The automaker’s salespeople do a couple of things right but enough wrong to finish dead last in a mystery-shopping study.
I ask Fran O’Hagan for a point of clarification after he says he would have been impressed if his consulting firm’s study showeddealerships were consistent “regardless of whether I believe they’re doing the right thing.”
Wait? Does that mean he might think it is wrong forto bypass the traditional franchised dealership system and instead run its own stores? A lot of state dealer associations think it’s wrong. They cite various state franchise laws as they fight the legality of Tesla’s factory-outlet setup.
But O’Hagan, president of Pied Piper Management which did an annual mystery-shopping analysis of dealership sales effectiveness by brand, says he wasn’t weighing in on whether upstart Tesla should or shouldn’t sell its electric cars through franchised dealers like other brands do.
“We’re Switzerland,” he says, referring to the neutrality of that nation. “When I say I’d be impressed if Tesla dealerships were all doing the same thing, right or wrong, I’m referring to there being at least a consistency to the sales process.”
But there isn’t, according to the latest Pied Piper Prospect Satisfaction Index. For the first time, it included 50 Tesla dealerships in states where the automaker is permitted to sell factory-direct. In other states, tough dealer-franchise laws prevent that.
Tesla dealership staffers on average did a couple of things right but enough wrong to finish dead last in the index ranking. Tesla scored 86. The industry average is 100. Mercedes-Benz topped the list with 110, followed by Infiniti (108), Lexus (105) and Cadillac,, Smart and in a 4-way tie for fourth with 104.
Some individual Tesla salespeople made all the right moves, such as demonstrating product knowledge, engaging with customers, offering a test drive, giving compelling reasons to buy and pointing out features distinct from the competition.
But those showroom standouts were rarities. “We found huge variations with Tesla stores,” O’Hagan says. “There were examples of brilliant salespeople doing everything perfectly.”
And then there was everyone else, a legion of workers that hasn’t mastered the fine art of car salesmanship.
Tesla scored low mainly because too many dealership staffers acted like museum curators, O’Hagan says. “They were friendly, knowledgeable and answered questions, but they didn’t find out what is important to the buyer and they stopped short of asking for the sale.”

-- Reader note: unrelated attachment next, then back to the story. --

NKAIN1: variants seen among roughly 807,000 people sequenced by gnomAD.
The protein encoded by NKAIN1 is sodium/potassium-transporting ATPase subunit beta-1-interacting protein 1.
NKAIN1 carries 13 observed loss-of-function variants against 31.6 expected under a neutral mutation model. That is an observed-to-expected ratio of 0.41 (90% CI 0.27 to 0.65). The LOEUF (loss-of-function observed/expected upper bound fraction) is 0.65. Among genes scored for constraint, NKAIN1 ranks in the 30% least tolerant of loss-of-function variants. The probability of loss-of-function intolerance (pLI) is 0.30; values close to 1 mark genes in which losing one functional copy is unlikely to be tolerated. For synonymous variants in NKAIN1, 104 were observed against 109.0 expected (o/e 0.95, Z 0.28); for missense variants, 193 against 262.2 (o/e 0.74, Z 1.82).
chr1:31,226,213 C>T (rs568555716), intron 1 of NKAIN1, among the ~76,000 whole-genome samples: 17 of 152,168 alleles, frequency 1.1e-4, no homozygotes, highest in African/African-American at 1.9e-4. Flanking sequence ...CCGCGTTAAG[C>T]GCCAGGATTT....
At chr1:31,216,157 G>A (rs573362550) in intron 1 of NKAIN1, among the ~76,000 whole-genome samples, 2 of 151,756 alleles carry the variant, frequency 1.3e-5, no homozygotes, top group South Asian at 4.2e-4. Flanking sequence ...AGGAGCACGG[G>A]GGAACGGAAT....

That’s fine for conducting gallery tours at the Metropolitan Museum of Art. But the stuff there isn’t for sale. Dealership cars are.
One mystery shopper’s field report describes an encounter with a Tesla salesman:
“He didn’t really ask any questions about me. The majority of the conversation was me asking him questions and trying to keep the conversation going while he provided answers. He didn’t get into specifics or attempt to get me to buy a vehicle. He was just answering questions.”
Ironically, Tesla led all brands in following up with customers after their store visits. “That’s great behavior, but if you stop short of selling the car in the first place, following up seems contradictory,” O’Hagan says.
The study spotlights other contrasts. For example, Lincoln dealership salespeople were among the least likely to approach a customer and say: “Can I help you?” On the other hand, sister-brandsalespeople were among the most likely to do that.
The question may seem like one of those innocuous little things humans say to each other to get the ball rolling, like asking how someone is doing.
But at a dealership, a seemingly harmless “Can I help you?” typically triggers the deadly response of “I’m just looking.”
An open-ended starter question is much better, O’Hagan says. “We measure it. Salespeople who don’t say, ‘Can I help you?’ are more successful. They might instead say, ‘I saw you pull up in aF-350 dualie, do you tow?’ That builds rapport. The answer to that is never ‘I’m just looking.’”
There’s a right and wrong way to sell cars whether a brand runs its own stores or uses the franchise system, he says. “What we consider right is what the math says turns shoppers into buyers.”